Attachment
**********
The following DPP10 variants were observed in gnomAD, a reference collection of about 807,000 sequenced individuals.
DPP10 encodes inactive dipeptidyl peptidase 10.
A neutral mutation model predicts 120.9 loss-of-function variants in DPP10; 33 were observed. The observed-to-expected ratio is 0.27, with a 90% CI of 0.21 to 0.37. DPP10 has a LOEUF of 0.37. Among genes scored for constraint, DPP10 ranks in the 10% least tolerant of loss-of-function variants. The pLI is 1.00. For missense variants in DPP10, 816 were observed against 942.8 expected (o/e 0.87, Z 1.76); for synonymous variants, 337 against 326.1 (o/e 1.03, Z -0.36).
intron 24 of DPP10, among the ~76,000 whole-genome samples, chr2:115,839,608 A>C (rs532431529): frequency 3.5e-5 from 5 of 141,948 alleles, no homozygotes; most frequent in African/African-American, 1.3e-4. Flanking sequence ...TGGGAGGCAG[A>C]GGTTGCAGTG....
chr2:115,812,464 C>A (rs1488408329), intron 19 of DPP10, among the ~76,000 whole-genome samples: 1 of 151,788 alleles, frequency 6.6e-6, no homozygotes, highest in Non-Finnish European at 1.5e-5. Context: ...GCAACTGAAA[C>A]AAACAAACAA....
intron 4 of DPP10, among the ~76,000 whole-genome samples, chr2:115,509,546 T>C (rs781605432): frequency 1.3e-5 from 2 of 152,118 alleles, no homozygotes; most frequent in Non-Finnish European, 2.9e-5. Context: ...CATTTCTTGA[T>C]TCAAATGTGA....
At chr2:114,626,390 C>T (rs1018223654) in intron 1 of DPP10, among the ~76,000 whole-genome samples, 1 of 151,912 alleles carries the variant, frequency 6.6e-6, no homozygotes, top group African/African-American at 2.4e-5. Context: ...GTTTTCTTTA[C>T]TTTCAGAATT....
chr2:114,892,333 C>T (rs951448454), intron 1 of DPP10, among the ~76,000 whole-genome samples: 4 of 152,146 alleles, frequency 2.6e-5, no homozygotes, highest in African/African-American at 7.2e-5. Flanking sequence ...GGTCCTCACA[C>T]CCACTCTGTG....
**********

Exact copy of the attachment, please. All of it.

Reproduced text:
The following DPP10 variants were observed in gnomAD, a reference collection of about 807,000 sequenced individuals.
DPP10 encodes inactive dipeptidyl peptidase 10.
A neutral mutation model predicts 120.9 loss-of-function variants in DPP10; 33 were observed. The observed-to-expected ratio is 0.27, with a 90% CI of 0.21 to 0.37. DPP10 has a LOEUF of 0.37. Among genes scored for constraint, DPP10 ranks in the 10% least tolerant of loss-of-function variants. The pLI is 1.00. For missense variants in DPP10, 816 were observed against 942.8 expected (o/e 0.87, Z 1.76); for synonymous variants, 337 against 326.1 (o/e 1.03, Z -0.36).
intron 24 of DPP10, among the ~76,000 whole-genome samples, chr2:115,839,608 A>C (rs532431529): frequency 3.5e-5 from 5 of 141,948 alleles, no homozygotes; most frequent in African/African-American, 1.3e-4. Flanking sequence ...TGGGAGGCAG[A>C]GGTTGCAGTG....
chr2:115,812,464 C>A (rs1488408329), intron 19 of DPP10, among the ~76,000 whole-genome samples: 1 of 151,788 alleles, frequency 6.6e-6, no homozygotes, highest in Non-Finnish European at 1.5e-5. Context: ...GCAACTGAAA[C>A]AAACAAACAA....
intron 4 of DPP10, among the ~76,000 whole-genome samples, chr2:115,509,546 T>C (rs781605432): frequency 1.3e-5 from 2 of 152,118 alleles, no homozygotes; most frequent in Non-Finnish European, 2.9e-5. Context: ...CATTTCTTGA[T>C]TCAAATGTGA....
At chr2:114,626,390 C>T (rs1018223654) in intron 1 of DPP10, among the ~76,000 whole-genome samples, 1 of 151,912 alleles carries the variant, frequency 6.6e-6, no homozygotes, top group African/African-American at 2.4e-5. Context: ...GTTTTCTTTA[C>T]TTTCAGAATT....
chr2:114,892,333 C>T (rs951448454), intron 1 of DPP10, among the ~76,000 whole-genome samples: 4 of 152,146 alleles, frequency 2.6e-5, no homozygotes, highest in African/African-American at 7.2e-5. Flanking sequence ...GGTCCTCACA[C>T]CCACTCTGTG....